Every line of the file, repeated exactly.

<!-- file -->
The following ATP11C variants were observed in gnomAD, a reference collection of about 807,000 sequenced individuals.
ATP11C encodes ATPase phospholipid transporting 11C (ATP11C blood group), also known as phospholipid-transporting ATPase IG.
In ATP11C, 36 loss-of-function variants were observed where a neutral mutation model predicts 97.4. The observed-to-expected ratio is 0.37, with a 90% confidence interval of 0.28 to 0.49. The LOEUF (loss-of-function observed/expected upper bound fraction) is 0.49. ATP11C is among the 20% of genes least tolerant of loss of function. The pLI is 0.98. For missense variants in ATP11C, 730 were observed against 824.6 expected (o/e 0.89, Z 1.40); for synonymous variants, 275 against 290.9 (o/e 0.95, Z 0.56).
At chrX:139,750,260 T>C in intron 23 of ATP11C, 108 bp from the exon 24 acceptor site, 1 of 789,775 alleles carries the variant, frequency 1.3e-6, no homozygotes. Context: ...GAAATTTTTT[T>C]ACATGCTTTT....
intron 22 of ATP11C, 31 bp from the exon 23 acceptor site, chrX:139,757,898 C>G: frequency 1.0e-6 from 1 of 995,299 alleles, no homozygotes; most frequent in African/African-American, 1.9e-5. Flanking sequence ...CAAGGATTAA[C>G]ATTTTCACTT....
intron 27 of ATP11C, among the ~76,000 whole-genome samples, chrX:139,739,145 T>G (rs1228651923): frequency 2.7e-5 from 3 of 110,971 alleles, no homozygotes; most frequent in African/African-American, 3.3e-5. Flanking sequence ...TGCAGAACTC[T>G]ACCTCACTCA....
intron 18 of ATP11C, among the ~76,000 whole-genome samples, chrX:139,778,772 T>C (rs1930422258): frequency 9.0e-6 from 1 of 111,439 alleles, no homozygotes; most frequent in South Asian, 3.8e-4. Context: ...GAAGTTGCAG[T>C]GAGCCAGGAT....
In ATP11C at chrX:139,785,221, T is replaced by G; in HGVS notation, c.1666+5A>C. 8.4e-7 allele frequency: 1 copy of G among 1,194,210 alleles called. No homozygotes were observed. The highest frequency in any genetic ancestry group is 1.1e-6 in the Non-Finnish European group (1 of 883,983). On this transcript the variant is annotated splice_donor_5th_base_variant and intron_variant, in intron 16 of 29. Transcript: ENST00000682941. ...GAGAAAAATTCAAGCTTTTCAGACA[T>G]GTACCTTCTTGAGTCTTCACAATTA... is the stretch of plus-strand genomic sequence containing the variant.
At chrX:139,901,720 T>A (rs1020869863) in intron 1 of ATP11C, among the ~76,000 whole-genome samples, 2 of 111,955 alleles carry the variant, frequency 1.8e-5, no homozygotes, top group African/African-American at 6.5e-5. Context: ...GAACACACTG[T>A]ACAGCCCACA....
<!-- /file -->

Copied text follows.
The following ATP11C variants were observed in gnomAD, a reference collection of about 807,000 sequenced individuals.
ATP11C encodes ATPase phospholipid transporting 11C (ATP11C blood group), also known as phospholipid-transporting ATPase IG.
In ATP11C, 36 loss-of-function variants were observed where a neutral mutation model predicts 97.4. The observed-to-expected ratio is 0.37, with a 90% confidence interval of 0.28 to 0.49. The LOEUF (loss-of-function observed/expected upper bound fraction) is 0.49. ATP11C is among the 20% of genes least tolerant of loss of function. The pLI is 0.98. For missense variants in ATP11C, 730 were observed against 824.6 expected (o/e 0.89, Z 1.40); for synonymous variants, 275 against 290.9 (o/e 0.95, Z 0.56).
At chrX:139,750,260 T>C in intron 23 of ATP11C, 108 bp from the exon 24 acceptor site, 1 of 789,775 alleles carries the variant, frequency 1.3e-6, no homozygotes. Context: ...GAAATTTTTT[T>C]ACATGCTTTT....
intron 22 of ATP11C, 31 bp from the exon 23 acceptor site, chrX:139,757,898 C>G: frequency 1.0e-6 from 1 of 995,299 alleles, no homozygotes; most frequent in African/African-American, 1.9e-5. Flanking sequence ...CAAGGATTAA[C>G]ATTTTCACTT....
intron 27 of ATP11C, among the ~76,000 whole-genome samples, chrX:139,739,145 T>G (rs1228651923): frequency 2.7e-5 from 3 of 110,971 alleles, no homozygotes; most frequent in African/African-American, 3.3e-5. Flanking sequence ...TGCAGAACTC[T>G]ACCTCACTCA....
intron 18 of ATP11C, among the ~76,000 whole-genome samples, chrX:139,778,772 T>C (rs1930422258): frequency 9.0e-6 from 1 of 111,439 alleles, no homozygotes; most frequent in South Asian, 3.8e-4. Context: ...GAAGTTGCAG[T>C]GAGCCAGGAT....
In ATP11C at chrX:139,785,221, T is replaced by G; in HGVS notation, c.1666+5A>C. 8.4e-7 allele frequency: 1 copy of G among 1,194,210 alleles called. No homozygotes were observed. The highest frequency in any genetic ancestry group is 1.1e-6 in the Non-Finnish European group (1 of 883,983). On this transcript the variant is annotated splice_donor_5th_base_variant and intron_variant, in intron 16 of 29. Transcript: ENST00000682941. ...GAGAAAAATTCAAGCTTTTCAGACA[T>G]GTACCTTCTTGAGTCTTCACAATTA... is the stretch of plus-strand genomic sequence containing the variant.
At chrX:139,901,720 T>A (rs1020869863) in intron 1 of ATP11C, among the ~76,000 whole-genome samples, 2 of 111,955 alleles carry the variant, frequency 1.8e-5, no homozygotes, top group African/African-American at 6.5e-5. Context: ...GAACACACTG[T>A]ACAGCCCACA....